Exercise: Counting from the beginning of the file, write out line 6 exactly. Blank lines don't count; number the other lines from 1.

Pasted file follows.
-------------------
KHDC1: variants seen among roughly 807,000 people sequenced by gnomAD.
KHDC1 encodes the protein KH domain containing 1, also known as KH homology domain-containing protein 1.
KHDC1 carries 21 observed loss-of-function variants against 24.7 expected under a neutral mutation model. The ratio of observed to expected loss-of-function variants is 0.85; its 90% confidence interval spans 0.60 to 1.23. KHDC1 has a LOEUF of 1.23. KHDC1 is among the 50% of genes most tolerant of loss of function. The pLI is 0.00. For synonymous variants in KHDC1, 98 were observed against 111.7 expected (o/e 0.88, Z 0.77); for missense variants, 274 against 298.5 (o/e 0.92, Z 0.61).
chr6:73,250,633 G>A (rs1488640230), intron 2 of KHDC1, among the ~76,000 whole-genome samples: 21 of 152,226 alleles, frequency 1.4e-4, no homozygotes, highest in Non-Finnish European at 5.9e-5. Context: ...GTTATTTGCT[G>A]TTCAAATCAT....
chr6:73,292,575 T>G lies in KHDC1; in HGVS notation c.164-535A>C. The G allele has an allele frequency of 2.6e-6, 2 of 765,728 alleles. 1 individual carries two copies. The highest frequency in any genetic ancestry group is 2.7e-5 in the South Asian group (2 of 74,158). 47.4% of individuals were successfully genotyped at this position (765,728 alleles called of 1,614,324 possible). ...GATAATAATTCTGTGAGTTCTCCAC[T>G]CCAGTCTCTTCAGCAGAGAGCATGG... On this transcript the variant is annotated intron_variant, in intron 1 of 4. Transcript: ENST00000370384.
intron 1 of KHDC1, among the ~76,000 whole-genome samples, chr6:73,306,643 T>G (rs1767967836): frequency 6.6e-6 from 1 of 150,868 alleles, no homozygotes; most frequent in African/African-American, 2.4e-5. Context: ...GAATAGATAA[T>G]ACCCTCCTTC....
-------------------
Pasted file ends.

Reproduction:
intron 1 of KHDC1, among the ~76,000 whole-genome samples, chr6:73,306,643 T>G (rs1767967836): frequency 6.6e-6 from 1 of 150,868 alleles, no homozygotes; most frequent in African/African-American, 2.4e-5. Context: ...GAATAGATAA[T>G]ACCCTCCTTC....